876 F.2d 1168 (5th Cir. 1989), 88-3136, E.A.S.T. Inc. of Stamford, Ct. v. M/V Alaia

Docket Nº:88-3136.
Citation:876 F.2d 1168
Party Name:E.A.S.T., INC. OF STAMFORD, CONNECTICUT, Plaintiff-Appellee, v. M/V ALAIA, et al., Defendants, Advance Co., Inc., Claimant-Appellant.
Case Date:June 26, 1989
Court:United States Courts of Appeals, Court of Appeals for the Fifth Circuit

Page 1168

876 F.2d 1168 (5th Cir. 1989)

E.A.S.T., INC. OF STAMFORD, CONNECTICUT, Plaintiff-Appellee,


M/V ALAIA, et al., Defendants,

Advance Co., Inc., Claimant-Appellant.

No. 88-3136.

United States Court of Appeals, Fifth Circuit

June 26, 1989

        Rehearing and Rehearing En Banc Denied July 27, 1989.

Page 1169

        Robert B. Deane, Kenneth Servay, New Orleans, La., for claimant-appellant.

        Kenneth W. Heard, New York City, Antonio Rodriguez, Mary C. Hubbard, New Orleans, La., for plaintiff-appellee.

        Appeal from the United States District Court for the Eastern District of Louisiana.

        Before THORNBERRY, KING and JONES, Circuit Judges.

        KING, Circuit Judge:

        Claimant-appellant Advance Co. appeals from the district court's order refusing to vacate the arrest of the M/V ALAIA and referring the parties to arbitration of their dispute in London pursuant to the terms of their charter party. We affirm the order of the district court.


  1. Facts

            The underlying facts of this case are essentially undisputed and are set forth fully in the district court opinion. E.A.S.T. of Stamford v. M/V ALAIA, 673 F.Supp. 796 (E.D.La.1987).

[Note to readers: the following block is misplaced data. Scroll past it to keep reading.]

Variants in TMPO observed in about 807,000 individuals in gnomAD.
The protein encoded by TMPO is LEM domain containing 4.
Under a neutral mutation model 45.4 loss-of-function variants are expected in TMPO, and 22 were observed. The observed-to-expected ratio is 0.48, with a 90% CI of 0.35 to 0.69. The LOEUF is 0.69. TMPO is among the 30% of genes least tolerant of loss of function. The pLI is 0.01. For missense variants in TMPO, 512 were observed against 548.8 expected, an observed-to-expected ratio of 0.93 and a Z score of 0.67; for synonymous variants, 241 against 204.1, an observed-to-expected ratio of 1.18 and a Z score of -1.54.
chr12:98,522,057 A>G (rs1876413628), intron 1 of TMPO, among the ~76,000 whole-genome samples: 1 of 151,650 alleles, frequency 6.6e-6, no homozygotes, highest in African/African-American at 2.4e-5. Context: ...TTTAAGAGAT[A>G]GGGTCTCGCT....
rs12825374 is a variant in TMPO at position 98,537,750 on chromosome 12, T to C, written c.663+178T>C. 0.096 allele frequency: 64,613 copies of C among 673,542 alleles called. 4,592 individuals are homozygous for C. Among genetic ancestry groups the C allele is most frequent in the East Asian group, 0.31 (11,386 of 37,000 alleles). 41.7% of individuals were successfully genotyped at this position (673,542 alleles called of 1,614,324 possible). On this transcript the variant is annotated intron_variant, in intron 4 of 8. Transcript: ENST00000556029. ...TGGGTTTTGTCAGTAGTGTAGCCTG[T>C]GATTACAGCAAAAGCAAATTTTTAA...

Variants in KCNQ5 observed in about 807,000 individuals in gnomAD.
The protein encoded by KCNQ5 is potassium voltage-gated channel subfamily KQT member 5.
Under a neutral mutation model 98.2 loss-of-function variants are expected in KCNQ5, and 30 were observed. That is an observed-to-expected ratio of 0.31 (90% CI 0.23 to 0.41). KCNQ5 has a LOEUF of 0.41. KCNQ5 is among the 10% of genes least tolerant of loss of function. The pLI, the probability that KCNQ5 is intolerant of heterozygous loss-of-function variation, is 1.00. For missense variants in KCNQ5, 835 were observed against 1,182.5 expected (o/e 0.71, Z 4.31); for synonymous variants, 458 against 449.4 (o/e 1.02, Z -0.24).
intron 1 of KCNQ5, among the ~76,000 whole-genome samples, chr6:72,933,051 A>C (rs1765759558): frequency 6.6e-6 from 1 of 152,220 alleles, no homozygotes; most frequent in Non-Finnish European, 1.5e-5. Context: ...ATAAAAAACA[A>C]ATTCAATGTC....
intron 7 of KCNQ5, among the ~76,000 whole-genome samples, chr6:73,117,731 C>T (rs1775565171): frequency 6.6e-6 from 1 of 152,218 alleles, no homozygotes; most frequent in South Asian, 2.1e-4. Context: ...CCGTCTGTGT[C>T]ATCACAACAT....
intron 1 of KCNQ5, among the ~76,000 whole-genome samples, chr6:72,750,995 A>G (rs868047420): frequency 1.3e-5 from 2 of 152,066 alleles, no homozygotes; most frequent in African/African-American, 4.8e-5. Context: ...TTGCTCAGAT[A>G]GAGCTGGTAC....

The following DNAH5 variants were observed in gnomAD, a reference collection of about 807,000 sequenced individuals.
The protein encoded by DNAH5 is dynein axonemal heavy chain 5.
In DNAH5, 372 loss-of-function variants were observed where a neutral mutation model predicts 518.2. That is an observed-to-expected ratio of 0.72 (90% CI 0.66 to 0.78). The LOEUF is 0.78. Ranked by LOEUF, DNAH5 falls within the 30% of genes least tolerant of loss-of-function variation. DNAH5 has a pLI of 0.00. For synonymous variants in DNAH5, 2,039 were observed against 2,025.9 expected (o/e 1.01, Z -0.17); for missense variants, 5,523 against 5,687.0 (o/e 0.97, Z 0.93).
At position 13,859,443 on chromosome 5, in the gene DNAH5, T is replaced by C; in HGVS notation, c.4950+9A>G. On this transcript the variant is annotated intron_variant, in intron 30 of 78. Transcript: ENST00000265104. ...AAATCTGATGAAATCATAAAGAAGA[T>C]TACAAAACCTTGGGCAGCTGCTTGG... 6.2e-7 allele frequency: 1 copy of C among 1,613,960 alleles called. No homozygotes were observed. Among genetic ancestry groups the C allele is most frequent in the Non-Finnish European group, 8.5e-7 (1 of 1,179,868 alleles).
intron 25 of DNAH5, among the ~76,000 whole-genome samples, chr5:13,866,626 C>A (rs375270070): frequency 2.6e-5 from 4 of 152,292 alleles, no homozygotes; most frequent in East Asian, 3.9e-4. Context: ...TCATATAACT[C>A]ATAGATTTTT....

Briefly, plaintiff-appellee E.A.S.T. ("EAST") agreed in October of 1987 to charter the M/V ALAIA ("ALAIA"), owned by defendant-appellant Advance, Co. ("Advance"). The charter was on a New York Produce Exchange time charter form and provided that the ALAIA would be delivered to EAST at New Orleans for "A timechartertrip via port(s) in/out geographical rotation--always afloat--always within I.W.I. duration about 20/25 days without guarantee." The charter party also stated that EAST's intention was to carry milk carton stock on pallets and soda ash in bulk from New Orleans and Port Arthur to Puerto Cabello, Venezuela. The charter party also contained an arbitration clause and specified that the place of arbitration would be London rather than New York and that the contract would be governed by English law.

            EAST simultaneously entered into two voyage subcharters--one to carry milk carton stock and wood pulp on pallets from New Orleans to Puerto Cabello and one to carry bulk soda ash from Port Arthur to Puerto Cabello. EAST paid Advance $26,700 in advance charter hire. EAST also engaged Navios Ship Agencies, Inc. ("Navios")

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    to see to the vessel's needs and forwarded $15,000 to Navios to cover port charges, agency fees and other expenses. EAST ordered bunkers for the vessel and through its agent instructed the ALAIA to proceed to New Orleans to load the milk carton stock and wood pulp. EAST also engaged, through its agent, a pilot to bring the vessel up the Mississippi river to the port of New Orleans, tugs to maneuver the ship into its berth, and line handlers to secure the vessel to the dock. EAST's agent also arranged and paid for dockage, permitting the vessel to tie up and lie alongside the wharf.